– Validity and legal evidence of ownership: Registration will demonstrate the validity of your copyright. Registration made before or within five years of publication will constitute strong evidence in court that the copyright is valid and that all the facts stated in the certificate of registration are true. In other words, it becomes the infringer’s burden to show that your copyright is invalid or you are not the owner.
– Maximize damages: Before the end of three months after the date of first publication or prior to an infringement of the work (or, in case of unpublished works, before the end of the first month after initially learning that your work was infringed), you must register your copyright to get the benefit of statutory damages and attorney’s fees. Without a timely registration, an award of actual damages and profits is only available to the copyright owner.
– Customs: Registration allows the owner of the copyright to record the registration with the U.S. Customs Service for protection against the importation of infringing copies. For more information, go to the U.S. Customs and Border Protection. www.cbp.gov.
Q5: What are statutory damages?
When a person infringes your copyright, you are only entitled to actual damages and profits of the infringer that are attributable to the infringement. However, it may be difficult: how do you prove the profits that a random website made from publishing/posting your work without permission? How do you prove what sales you might have lost because of the website’s unauthorized publication of your work?
If you have registered your work, you get the option of electing statutory damages instead of actual damages and lost profits. This can be between $750 and $30,000 per work, or up to $150,000 per work if the infringement was intentional. You may also get attorney’s fees and costs at the court’s discretion, making it more likely that you can retain a lawyer on a contingency fee basis.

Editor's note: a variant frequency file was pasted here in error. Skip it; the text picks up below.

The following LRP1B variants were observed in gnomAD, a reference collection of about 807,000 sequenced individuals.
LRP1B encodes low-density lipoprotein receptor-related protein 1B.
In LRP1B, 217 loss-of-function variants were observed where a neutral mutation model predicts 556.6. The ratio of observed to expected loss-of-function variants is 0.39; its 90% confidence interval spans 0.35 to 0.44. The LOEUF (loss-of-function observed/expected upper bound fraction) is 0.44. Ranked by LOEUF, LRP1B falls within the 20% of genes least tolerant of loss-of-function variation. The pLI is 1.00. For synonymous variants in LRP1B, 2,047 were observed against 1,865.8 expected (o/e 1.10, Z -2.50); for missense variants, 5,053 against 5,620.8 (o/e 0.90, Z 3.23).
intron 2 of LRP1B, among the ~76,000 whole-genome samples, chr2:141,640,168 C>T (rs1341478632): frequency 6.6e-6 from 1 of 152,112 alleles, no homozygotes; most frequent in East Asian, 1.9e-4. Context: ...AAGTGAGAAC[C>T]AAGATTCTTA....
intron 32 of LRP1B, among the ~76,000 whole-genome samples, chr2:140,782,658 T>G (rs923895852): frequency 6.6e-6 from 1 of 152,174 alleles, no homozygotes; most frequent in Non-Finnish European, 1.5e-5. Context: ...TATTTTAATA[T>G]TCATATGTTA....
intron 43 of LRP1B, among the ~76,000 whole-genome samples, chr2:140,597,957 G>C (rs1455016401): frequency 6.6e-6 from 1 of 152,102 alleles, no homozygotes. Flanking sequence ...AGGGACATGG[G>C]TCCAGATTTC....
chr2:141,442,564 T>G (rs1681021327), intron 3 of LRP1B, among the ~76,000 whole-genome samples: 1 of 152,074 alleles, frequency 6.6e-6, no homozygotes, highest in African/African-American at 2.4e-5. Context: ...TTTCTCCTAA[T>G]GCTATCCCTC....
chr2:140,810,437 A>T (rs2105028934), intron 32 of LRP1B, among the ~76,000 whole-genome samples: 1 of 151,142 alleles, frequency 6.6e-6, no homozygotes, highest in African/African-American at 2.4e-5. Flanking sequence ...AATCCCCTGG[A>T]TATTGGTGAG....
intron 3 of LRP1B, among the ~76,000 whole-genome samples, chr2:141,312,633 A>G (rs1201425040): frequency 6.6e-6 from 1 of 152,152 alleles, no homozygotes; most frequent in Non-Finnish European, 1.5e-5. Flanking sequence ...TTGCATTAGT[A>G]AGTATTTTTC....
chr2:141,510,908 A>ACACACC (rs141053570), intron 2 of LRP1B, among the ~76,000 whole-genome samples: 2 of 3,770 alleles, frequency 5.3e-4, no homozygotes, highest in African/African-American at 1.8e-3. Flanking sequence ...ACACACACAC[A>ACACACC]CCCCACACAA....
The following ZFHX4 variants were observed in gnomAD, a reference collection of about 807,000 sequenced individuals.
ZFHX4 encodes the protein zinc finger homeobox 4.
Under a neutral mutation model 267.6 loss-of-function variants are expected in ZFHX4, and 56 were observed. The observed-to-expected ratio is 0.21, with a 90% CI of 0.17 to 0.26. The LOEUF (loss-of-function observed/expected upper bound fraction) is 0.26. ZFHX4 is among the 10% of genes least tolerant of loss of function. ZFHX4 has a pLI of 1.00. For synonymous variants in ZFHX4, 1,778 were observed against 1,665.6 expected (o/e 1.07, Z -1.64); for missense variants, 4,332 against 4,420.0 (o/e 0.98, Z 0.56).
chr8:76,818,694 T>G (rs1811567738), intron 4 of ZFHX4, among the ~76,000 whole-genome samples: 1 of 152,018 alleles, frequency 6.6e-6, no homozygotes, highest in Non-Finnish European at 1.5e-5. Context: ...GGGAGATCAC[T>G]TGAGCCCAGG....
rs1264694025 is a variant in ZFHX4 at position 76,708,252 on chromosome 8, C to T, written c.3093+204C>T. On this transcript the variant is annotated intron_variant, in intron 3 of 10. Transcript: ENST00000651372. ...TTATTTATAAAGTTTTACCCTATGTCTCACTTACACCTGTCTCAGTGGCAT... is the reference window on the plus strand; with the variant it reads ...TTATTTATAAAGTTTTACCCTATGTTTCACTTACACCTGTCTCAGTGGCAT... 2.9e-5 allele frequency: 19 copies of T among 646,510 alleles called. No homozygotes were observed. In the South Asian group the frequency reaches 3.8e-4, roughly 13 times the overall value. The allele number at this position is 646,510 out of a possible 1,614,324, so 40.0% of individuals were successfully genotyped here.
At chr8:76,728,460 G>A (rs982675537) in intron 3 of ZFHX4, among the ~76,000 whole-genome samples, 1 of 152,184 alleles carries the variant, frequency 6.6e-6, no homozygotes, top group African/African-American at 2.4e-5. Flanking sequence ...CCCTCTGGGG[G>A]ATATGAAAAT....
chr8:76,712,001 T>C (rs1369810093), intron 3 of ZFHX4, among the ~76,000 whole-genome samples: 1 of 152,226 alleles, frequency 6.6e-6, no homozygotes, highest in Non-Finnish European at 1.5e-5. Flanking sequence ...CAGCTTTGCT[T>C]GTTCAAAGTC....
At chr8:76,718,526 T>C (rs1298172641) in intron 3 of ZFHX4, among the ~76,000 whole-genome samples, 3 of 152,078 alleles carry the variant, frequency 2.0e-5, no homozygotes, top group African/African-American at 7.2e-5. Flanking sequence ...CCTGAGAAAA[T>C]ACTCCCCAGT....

A contingency fee is a fee charged for a lawyer’s services only if the lawyer handles a case successfully. This means that the client is not charged with attorney’s fees if he loses the case.
Q6: So, when do I have to register?
Registration may be made at any time within the life of the copyright. Currently, the lifetime is the author’s life plus 70 years. However, time is of the essence. You should register your work as soon as possible after it is created. By doing so, you can take advantage of all the above benefits.
Q7: Okay, how do I register?
To register an original claim to Copyright, you must apply to the U.S. Copyright Office. Application for copyright registration contains three essential elements: 1) a completed application form, 2) a non-refundable filing fee, and 3) a non-returnable deposit of your work.
You can apply for copyright registration using a paper application or an online application. The U.S. Copyright Office states that online registration through the electronic Copyright Office is the preferred way to register basic claims for your work. Truly, online filing is much easier to track, faster to proceed, and cheaper than the traditional paper application. Currently, a filing fee is between $35 and $65 depending on a type of your work. For more information, please go to www.copyright.gov.
*Please see the “Legal Notice” regarding the information on this page.
© 2014 Jooyoung Koo
The Benefits of Copyright Registration by Jooyoung Koo is licensed under a Creative Commons Attribution-NonCommercial 4.0 International License.
Based on a work at http://www.copyright.gov.
 The American Bar Association, “Legal Fees and Expenses What are contingent fees?”, available at http://www.americanbar.org/groups/public_education/resources/law_issues_for_consumers/lawyerfees_contingent.html
 “How Long Does Copyright Protection Last?”, Revised: 10-Mar-2010, available at http://www.copyright.gov/help/faq/faq-duration.html
 Id. at 8.
This post represents the views of the author identified above and does not necessarily reflect the views of Washington Lawyers for the Arts (“WLA”). WLA provides this content as a public resource of general information. WLA does not warrant that the content is or will be complete and accurate. It is not intended by WLA, nor should it be considered by you, to be a source of legal advice. You should not rely upon the information provided. Rather, you should seek legal counsel for consultation and advice.